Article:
The first thing to learn before you get on a train in a foreign country... how to read the train schedule, or perhaps more accurately, to overcome the hubris that tells you, oh, you've traveled on enough European trains in your life that this is no big deal, just go see which train heads to your stop next. But be sure to pay particular attention to that pesky little asterisk that means that the crammed-full train you're getting on with your two tired kids doesn't stop at your stop but rather goes sailing right on through it toward one of four or five towns named after cheeses (begging the age-old question: which came first, the cheeses or the burg?).

I told D. before we left this morning that he'd get to ride on four trains: two on the way to the international schools we were looking at, and two on the way home. Well, he got more than he bargained for when we hopped the wrong train and ended up having to take four trains to get home. Oh, the joy. Somehow the intrigue didn't wear off for him, though, and A. plowed through several chapters of her history book and livened up the ride(s) with anecdotes and little known facts about Peter the Great. It only rained on us once -- a good day in the Netherlands -- and we got to see two really cool schools, either of which would be great for both kids. A's voting for the one with the 2-story rock climbing wall, I think.

Both of them are international wings of Dutch schools which is cool because they teach in English, but their private-school tuition is subsidized substantially by the Dutch government because they teach the kids Dutch and integrate them to a certain extent with the kids in the Dutch-speaking stream of the school. I wish there was something like this in Utrecht, but Hilversum is a pretty town -- this duck pond to the right where the kids busied themselves chasing geese is most of the walk to the two schools -- and the commute doesn't seem bad (all together now: as long as you hop the right train). Now if we can just get them to find spots for both kids at one of the schools...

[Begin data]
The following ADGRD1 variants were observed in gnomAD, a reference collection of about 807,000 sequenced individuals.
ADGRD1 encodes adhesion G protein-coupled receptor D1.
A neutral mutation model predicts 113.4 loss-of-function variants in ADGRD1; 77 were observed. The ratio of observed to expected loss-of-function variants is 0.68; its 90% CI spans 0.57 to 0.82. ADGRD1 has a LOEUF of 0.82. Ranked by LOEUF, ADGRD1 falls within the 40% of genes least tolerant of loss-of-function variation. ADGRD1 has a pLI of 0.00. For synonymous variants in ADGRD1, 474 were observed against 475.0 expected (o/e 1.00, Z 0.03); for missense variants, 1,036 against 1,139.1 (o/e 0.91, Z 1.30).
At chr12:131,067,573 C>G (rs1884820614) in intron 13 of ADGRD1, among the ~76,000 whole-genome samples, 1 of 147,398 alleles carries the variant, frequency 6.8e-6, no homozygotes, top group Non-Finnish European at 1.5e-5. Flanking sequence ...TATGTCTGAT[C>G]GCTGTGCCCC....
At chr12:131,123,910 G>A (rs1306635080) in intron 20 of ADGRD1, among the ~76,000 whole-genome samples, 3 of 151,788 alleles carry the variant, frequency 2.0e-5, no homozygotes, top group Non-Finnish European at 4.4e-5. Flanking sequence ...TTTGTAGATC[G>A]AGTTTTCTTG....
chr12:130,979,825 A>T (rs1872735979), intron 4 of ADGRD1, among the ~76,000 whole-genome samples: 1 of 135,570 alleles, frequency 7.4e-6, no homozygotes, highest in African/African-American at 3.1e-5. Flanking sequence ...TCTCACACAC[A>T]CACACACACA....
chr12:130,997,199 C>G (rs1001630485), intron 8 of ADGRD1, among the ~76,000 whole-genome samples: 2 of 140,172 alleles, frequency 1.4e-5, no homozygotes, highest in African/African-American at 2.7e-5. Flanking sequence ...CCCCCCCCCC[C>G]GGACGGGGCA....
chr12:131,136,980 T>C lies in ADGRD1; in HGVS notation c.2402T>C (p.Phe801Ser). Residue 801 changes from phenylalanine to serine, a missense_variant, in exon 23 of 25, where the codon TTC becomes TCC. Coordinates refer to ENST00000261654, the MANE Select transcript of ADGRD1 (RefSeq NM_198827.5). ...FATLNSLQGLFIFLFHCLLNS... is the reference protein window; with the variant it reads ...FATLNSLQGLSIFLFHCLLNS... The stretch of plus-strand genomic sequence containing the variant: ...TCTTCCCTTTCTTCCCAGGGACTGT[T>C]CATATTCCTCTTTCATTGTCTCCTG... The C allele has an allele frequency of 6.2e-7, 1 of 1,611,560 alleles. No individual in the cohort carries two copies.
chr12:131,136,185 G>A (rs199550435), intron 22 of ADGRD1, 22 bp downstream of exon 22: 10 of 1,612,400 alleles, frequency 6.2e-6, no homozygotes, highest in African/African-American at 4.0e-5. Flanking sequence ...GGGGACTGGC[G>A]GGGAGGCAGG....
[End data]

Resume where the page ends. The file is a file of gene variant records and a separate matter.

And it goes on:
Tomorrow is D's fourth birthday. I had considered taking him on a train ride somewhere, but I feel pretty comfortable ruling that out now. (Isn't this a great picture? A. snapped it on the first train.)

And if you can't tell, I'm getting link happy today. Girl's gotta have a little fun after a day like today...

Monday, October 29, 2007

Les Enfants in the 'hood

All told, we're adjusting to life here in gloomy Holland, land of the 8:30 sunrise. One of the kids' favorite pastimes (fortunately, in light of prevailing cultural conditions) is biking. Here they are in front of the homestead with A's bike, but we'll have to post one with D. tearing around our street on his training-wheeled bike. He'll be riding to school in no time. We also have a fantastic little playground and sandbox on our little triangle where they love to play, their English shouts ringing out over all the little Dutch neighbor kids' demure voices (ha). The Dutch most certainly appreciate a good playground, and our minimal explorations have yielded at least a dozen good play areas within biking distance... and nary a McDonald's. (Thank god for the small favors.)

Up like a rocket...

I decided that one of the better things I could impart to my kids now that I have some extra time on my hands is a little of the violining that consumed such a huge chunk of my own childhood. I've played a lot in my life, but I've never taught anyone else so I've been attempting to dredge from distant memory all the cool games my violin teachers used to do when my siblings and I were learning to play now decades (gasp!) ago. "Up Like a Rocket" was one that I actually remembered the words to, and D. has, er, taken off with it as a means of practicing his bowhold. Here he is this morning; you have to picture the "up like a rocket" part that didn't make it onto the video...

And note, of course, that we always enjoy violin more in our jammies...